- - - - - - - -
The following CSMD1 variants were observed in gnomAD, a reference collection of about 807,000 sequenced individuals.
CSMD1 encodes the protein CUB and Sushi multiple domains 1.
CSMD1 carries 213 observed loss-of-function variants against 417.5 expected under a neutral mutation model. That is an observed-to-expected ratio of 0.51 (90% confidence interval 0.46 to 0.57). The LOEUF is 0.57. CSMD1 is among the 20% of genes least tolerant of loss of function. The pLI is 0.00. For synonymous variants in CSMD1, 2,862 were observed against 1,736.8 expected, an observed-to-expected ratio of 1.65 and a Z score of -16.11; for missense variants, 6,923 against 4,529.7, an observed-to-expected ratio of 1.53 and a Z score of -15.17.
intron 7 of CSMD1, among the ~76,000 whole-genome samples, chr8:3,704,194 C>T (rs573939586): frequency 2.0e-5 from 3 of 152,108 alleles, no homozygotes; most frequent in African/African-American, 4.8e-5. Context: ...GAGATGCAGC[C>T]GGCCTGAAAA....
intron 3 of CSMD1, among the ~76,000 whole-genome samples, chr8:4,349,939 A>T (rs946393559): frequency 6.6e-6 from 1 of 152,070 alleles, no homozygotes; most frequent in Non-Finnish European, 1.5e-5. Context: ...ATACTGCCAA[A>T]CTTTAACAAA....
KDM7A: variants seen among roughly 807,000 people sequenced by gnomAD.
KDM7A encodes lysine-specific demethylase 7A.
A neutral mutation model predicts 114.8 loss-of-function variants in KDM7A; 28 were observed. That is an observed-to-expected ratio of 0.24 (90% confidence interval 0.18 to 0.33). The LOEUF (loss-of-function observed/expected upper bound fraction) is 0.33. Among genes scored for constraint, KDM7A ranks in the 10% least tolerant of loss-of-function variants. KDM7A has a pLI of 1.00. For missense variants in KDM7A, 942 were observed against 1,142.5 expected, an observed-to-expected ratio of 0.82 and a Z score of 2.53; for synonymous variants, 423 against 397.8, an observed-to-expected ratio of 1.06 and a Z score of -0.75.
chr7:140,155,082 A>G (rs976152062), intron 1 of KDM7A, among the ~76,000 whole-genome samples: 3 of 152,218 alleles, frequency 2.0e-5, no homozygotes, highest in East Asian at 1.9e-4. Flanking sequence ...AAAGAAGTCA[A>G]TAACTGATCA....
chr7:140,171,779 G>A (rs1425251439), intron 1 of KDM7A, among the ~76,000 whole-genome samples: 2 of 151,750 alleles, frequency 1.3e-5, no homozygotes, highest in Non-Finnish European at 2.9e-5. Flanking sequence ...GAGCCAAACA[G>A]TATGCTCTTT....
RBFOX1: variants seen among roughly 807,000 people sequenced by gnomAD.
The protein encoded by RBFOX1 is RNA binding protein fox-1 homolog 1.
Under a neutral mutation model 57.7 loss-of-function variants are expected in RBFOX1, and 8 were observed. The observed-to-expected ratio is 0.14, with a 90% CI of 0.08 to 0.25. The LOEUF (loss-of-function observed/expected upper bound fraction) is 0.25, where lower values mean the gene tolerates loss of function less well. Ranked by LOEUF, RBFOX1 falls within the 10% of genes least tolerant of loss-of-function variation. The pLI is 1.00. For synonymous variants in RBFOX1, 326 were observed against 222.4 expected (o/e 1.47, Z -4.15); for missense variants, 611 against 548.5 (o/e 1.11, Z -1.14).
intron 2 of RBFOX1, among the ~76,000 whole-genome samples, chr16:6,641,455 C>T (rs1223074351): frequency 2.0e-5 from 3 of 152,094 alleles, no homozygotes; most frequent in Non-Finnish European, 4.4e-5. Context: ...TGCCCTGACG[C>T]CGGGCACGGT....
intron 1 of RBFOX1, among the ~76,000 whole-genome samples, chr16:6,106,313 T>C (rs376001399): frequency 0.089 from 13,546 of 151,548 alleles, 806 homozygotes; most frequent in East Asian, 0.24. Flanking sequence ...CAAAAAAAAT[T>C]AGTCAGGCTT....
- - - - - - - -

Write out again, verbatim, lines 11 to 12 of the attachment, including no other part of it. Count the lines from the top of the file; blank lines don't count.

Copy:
RBFOX1: variants seen among roughly 807,000 people sequenced by gnomAD.
The protein encoded by RBFOX1 is RNA binding protein fox-1 homolog 1.